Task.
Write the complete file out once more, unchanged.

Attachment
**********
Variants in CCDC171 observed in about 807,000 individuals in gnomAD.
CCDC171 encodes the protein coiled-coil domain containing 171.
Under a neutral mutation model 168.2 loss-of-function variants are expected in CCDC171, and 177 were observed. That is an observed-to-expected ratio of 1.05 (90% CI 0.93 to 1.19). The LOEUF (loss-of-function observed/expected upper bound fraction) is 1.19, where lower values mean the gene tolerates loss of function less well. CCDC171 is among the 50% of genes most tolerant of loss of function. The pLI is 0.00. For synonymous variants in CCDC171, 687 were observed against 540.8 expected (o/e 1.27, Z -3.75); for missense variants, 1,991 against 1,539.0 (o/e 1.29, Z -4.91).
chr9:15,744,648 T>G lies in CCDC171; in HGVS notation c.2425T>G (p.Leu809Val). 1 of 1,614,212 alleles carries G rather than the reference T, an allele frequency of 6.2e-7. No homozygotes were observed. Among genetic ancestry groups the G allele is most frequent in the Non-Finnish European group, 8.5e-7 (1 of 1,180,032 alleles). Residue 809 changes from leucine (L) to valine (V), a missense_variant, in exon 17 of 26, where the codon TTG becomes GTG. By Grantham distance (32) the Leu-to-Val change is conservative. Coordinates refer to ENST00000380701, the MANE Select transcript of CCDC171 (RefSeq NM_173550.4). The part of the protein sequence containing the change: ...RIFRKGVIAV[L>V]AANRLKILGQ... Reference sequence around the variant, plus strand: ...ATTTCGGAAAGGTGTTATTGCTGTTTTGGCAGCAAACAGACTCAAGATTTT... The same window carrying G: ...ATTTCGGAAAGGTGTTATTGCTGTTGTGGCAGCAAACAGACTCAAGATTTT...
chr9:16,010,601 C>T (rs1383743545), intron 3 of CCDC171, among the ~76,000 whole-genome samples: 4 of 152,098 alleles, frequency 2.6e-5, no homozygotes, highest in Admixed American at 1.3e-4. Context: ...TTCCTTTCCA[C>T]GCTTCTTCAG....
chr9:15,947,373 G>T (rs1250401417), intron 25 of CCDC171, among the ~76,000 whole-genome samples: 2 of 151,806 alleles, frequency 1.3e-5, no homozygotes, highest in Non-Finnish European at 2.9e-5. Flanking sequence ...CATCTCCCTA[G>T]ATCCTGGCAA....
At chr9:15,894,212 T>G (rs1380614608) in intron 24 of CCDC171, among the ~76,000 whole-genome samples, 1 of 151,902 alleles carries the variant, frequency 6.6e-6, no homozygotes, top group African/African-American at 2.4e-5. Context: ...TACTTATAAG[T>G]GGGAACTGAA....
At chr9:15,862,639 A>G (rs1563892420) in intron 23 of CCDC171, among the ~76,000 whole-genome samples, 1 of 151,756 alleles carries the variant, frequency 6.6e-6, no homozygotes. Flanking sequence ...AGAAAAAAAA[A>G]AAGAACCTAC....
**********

Variants in CCDC171 observed in about 807,000 individuals in gnomAD.
CCDC171 encodes the protein coiled-coil domain containing 171.
Under a neutral mutation model 168.2 loss-of-function variants are expected in CCDC171, and 177 were observed. That is an observed-to-expected ratio of 1.05 (90% CI 0.93 to 1.19). The LOEUF (loss-of-function observed/expected upper bound fraction) is 1.19, where lower values mean the gene tolerates loss of function less well. CCDC171 is among the 50% of genes most tolerant of loss of function. The pLI is 0.00. For synonymous variants in CCDC171, 687 were observed against 540.8 expected (o/e 1.27, Z -3.75); for missense variants, 1,991 against 1,539.0 (o/e 1.29, Z -4.91).
chr9:15,744,648 T>G lies in CCDC171; in HGVS notation c.2425T>G (p.Leu809Val). 1 of 1,614,212 alleles carries G rather than the reference T, an allele frequency of 6.2e-7. No homozygotes were observed. Among genetic ancestry groups the G allele is most frequent in the Non-Finnish European group, 8.5e-7 (1 of 1,180,032 alleles). Residue 809 changes from leucine (L) to valine (V), a missense_variant, in exon 17 of 26, where the codon TTG becomes GTG. By Grantham distance (32) the Leu-to-Val change is conservative. Coordinates refer to ENST00000380701, the MANE Select transcript of CCDC171 (RefSeq NM_173550.4). The part of the protein sequence containing the change: ...RIFRKGVIAV[L>V]AANRLKILGQ... Reference sequence around the variant, plus strand: ...ATTTCGGAAAGGTGTTATTGCTGTTTTGGCAGCAAACAGACTCAAGATTTT... The same window carrying G: ...ATTTCGGAAAGGTGTTATTGCTGTTGTGGCAGCAAACAGACTCAAGATTTT...
chr9:16,010,601 C>T (rs1383743545), intron 3 of CCDC171, among the ~76,000 whole-genome samples: 4 of 152,098 alleles, frequency 2.6e-5, no homozygotes, highest in Admixed American at 1.3e-4. Context: ...TTCCTTTCCA[C>T]GCTTCTTCAG....
chr9:15,947,373 G>T (rs1250401417), intron 25 of CCDC171, among the ~76,000 whole-genome samples: 2 of 151,806 alleles, frequency 1.3e-5, no homozygotes, highest in Non-Finnish European at 2.9e-5. Flanking sequence ...CATCTCCCTA[G>T]ATCCTGGCAA....
At chr9:15,894,212 T>G (rs1380614608) in intron 24 of CCDC171, among the ~76,000 whole-genome samples, 1 of 151,902 alleles carries the variant, frequency 6.6e-6, no homozygotes, top group African/African-American at 2.4e-5. Context: ...TACTTATAAG[T>G]GGGAACTGAA....
At chr9:15,862,639 A>G (rs1563892420) in intron 23 of CCDC171, among the ~76,000 whole-genome samples, 1 of 151,756 alleles carries the variant, frequency 6.6e-6, no homozygotes. Flanking sequence ...AGAAAAAAAA[A>G]AAGAACCTAC....